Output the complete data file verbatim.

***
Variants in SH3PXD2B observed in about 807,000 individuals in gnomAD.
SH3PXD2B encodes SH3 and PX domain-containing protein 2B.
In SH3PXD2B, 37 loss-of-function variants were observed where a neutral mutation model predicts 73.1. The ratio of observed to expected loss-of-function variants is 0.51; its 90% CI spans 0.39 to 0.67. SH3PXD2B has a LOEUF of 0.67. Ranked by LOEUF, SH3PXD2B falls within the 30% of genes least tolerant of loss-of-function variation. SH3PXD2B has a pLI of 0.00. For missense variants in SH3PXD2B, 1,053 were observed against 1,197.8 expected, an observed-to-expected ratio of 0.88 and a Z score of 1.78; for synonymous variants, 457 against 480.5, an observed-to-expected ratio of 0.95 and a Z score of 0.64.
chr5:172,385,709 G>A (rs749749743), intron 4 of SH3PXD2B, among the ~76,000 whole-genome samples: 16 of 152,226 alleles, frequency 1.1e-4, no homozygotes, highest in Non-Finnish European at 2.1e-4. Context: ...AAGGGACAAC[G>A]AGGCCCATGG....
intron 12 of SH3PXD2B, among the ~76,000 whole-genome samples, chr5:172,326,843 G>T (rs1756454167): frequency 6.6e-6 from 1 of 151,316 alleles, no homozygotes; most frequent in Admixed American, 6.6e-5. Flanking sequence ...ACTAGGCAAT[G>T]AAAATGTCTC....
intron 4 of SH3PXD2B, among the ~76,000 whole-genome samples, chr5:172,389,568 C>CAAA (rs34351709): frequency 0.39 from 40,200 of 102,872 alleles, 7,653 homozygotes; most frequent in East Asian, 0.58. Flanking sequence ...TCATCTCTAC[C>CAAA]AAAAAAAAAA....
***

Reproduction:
Variants in SH3PXD2B observed in about 807,000 individuals in gnomAD.
SH3PXD2B encodes SH3 and PX domain-containing protein 2B.
In SH3PXD2B, 37 loss-of-function variants were observed where a neutral mutation model predicts 73.1. The ratio of observed to expected loss-of-function variants is 0.51; its 90% CI spans 0.39 to 0.67. SH3PXD2B has a LOEUF of 0.67. Ranked by LOEUF, SH3PXD2B falls within the 30% of genes least tolerant of loss-of-function variation. SH3PXD2B has a pLI of 0.00. For missense variants in SH3PXD2B, 1,053 were observed against 1,197.8 expected, an observed-to-expected ratio of 0.88 and a Z score of 1.78; for synonymous variants, 457 against 480.5, an observed-to-expected ratio of 0.95 and a Z score of 0.64.
chr5:172,385,709 G>A (rs749749743), intron 4 of SH3PXD2B, among the ~76,000 whole-genome samples: 16 of 152,226 alleles, frequency 1.1e-4, no homozygotes, highest in Non-Finnish European at 2.1e-4. Context: ...AAGGGACAAC[G>A]AGGCCCATGG....
intron 12 of SH3PXD2B, among the ~76,000 whole-genome samples, chr5:172,326,843 G>T (rs1756454167): frequency 6.6e-6 from 1 of 151,316 alleles, no homozygotes; most frequent in Admixed American, 6.6e-5. Flanking sequence ...ACTAGGCAAT[G>T]AAAATGTCTC....
intron 4 of SH3PXD2B, among the ~76,000 whole-genome samples, chr5:172,389,568 C>CAAA (rs34351709): frequency 0.39 from 40,200 of 102,872 alleles, 7,653 homozygotes; most frequent in East Asian, 0.58. Flanking sequence ...TCATCTCTAC[C>CAAA]AAAAAAAAAA....